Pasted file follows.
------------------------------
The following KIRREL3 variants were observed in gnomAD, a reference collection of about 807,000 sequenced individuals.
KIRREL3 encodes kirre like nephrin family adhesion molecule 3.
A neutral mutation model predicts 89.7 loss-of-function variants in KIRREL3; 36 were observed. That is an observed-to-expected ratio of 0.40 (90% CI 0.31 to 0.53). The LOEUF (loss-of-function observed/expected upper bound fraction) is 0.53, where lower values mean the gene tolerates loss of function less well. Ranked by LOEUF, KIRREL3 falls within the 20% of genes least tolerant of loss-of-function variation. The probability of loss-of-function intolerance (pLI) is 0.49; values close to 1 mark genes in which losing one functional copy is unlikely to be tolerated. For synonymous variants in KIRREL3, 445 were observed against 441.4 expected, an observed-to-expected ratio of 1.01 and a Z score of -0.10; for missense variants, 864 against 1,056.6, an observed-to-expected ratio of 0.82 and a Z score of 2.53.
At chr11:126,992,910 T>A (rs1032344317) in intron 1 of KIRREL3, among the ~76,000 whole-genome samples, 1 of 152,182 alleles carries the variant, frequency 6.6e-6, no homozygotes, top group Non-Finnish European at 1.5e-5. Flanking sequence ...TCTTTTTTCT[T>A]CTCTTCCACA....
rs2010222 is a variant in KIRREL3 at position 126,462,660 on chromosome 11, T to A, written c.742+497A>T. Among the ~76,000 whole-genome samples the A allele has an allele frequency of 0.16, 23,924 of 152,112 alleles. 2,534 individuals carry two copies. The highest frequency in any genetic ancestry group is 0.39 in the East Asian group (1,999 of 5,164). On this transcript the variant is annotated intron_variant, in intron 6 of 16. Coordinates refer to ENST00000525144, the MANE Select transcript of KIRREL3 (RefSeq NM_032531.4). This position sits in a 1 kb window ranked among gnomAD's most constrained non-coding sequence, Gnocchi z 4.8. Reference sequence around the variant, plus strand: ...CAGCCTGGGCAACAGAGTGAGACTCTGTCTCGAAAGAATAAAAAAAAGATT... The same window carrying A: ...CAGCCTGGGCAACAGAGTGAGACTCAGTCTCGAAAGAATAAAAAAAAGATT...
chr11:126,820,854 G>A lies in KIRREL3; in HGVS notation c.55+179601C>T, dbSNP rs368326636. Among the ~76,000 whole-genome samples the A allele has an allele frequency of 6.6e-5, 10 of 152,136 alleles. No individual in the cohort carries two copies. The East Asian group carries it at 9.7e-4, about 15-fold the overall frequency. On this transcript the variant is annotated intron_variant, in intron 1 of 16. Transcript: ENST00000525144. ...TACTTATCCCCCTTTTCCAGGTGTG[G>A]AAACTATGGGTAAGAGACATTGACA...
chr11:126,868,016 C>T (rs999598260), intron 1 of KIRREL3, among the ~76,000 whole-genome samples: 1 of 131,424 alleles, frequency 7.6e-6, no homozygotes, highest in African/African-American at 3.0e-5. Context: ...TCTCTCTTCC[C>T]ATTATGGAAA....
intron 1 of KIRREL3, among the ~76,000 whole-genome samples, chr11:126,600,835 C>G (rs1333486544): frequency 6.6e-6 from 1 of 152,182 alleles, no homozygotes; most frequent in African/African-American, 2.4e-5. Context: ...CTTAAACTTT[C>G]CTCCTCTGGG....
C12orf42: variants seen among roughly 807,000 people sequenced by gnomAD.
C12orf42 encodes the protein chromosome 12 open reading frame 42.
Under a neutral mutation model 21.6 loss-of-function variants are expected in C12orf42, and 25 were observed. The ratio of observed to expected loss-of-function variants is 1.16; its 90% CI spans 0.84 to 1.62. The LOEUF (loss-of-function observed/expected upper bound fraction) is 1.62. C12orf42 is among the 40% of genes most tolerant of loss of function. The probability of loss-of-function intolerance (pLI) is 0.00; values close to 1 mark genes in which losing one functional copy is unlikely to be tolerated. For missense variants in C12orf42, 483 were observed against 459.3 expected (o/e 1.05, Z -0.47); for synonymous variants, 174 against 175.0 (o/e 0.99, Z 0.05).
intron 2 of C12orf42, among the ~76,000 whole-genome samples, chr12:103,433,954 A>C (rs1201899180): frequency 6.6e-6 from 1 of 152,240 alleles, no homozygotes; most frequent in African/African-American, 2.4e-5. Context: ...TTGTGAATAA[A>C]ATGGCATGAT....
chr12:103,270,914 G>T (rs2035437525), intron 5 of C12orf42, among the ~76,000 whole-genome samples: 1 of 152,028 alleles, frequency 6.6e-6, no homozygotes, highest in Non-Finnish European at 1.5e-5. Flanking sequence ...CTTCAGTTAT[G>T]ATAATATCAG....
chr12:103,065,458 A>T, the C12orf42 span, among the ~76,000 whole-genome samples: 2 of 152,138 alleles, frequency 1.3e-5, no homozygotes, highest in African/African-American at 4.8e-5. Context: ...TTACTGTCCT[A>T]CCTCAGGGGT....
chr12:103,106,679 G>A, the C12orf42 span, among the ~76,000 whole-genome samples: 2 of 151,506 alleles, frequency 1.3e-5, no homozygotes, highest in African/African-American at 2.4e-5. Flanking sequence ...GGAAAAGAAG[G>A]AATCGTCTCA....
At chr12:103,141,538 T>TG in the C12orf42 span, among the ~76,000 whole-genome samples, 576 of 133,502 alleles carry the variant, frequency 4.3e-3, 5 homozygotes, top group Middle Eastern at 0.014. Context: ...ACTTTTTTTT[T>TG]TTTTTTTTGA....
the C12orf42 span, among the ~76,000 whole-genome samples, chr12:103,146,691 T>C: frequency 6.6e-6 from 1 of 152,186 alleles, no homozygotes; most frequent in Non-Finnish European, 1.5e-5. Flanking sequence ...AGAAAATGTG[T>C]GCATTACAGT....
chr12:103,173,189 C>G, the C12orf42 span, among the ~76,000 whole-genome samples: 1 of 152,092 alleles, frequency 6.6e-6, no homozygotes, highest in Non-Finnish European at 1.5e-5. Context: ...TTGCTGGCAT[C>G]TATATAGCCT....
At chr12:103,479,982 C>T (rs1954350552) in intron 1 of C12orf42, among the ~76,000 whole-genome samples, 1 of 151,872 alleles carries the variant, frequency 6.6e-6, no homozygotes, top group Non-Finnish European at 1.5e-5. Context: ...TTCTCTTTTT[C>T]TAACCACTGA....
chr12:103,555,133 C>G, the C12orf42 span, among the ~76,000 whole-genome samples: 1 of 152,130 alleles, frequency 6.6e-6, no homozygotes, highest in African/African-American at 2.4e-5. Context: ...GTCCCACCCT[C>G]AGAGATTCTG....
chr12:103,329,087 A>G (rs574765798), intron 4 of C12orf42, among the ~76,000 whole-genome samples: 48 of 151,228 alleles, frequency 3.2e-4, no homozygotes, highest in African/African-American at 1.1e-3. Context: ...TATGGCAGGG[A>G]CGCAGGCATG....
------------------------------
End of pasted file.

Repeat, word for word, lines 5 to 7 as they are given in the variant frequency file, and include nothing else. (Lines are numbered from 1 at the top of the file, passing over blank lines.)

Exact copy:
rs2010222 is a variant in KIRREL3 at position 126,462,660 on chromosome 11, T to A, written c.742+497A>T. Among the ~76,000 whole-genome samples the A allele has an allele frequency of 0.16, 23,924 of 152,112 alleles. 2,534 individuals carry two copies. The highest frequency in any genetic ancestry group is 0.39 in the East Asian group (1,999 of 5,164). On this transcript the variant is annotated intron_variant, in intron 6 of 16. Coordinates refer to ENST00000525144, the MANE Select transcript of KIRREL3 (RefSeq NM_032531.4). This position sits in a 1 kb window ranked among gnomAD's most constrained non-coding sequence, Gnocchi z 4.8. Reference sequence around the variant, plus strand: ...CAGCCTGGGCAACAGAGTGAGACTCTGTCTCGAAAGAATAAAAAAAAGATT... The same window carrying A: ...CAGCCTGGGCAACAGAGTGAGACTCAGTCTCGAAAGAATAAAAAAAAGATT...
chr11:126,820,854 G>A lies in KIRREL3; in HGVS notation c.55+179601C>T, dbSNP rs368326636. Among the ~76,000 whole-genome samples the A allele has an allele frequency of 6.6e-5, 10 of 152,136 alleles. No individual in the cohort carries two copies. The East Asian group carries it at 9.7e-4, about 15-fold the overall frequency. On this transcript the variant is annotated intron_variant, in intron 1 of 16. Transcript: ENST00000525144. ...TACTTATCCCCCTTTTCCAGGTGTG[G>A]AAACTATGGGTAAGAGACATTGACA...
chr11:126,868,016 C>T (rs999598260), intron 1 of KIRREL3, among the ~76,000 whole-genome samples: 1 of 131,424 alleles, frequency 7.6e-6, no homozygotes, highest in African/African-American at 3.0e-5. Context: ...TCTCTCTTCC[C>T]ATTATGGAAA....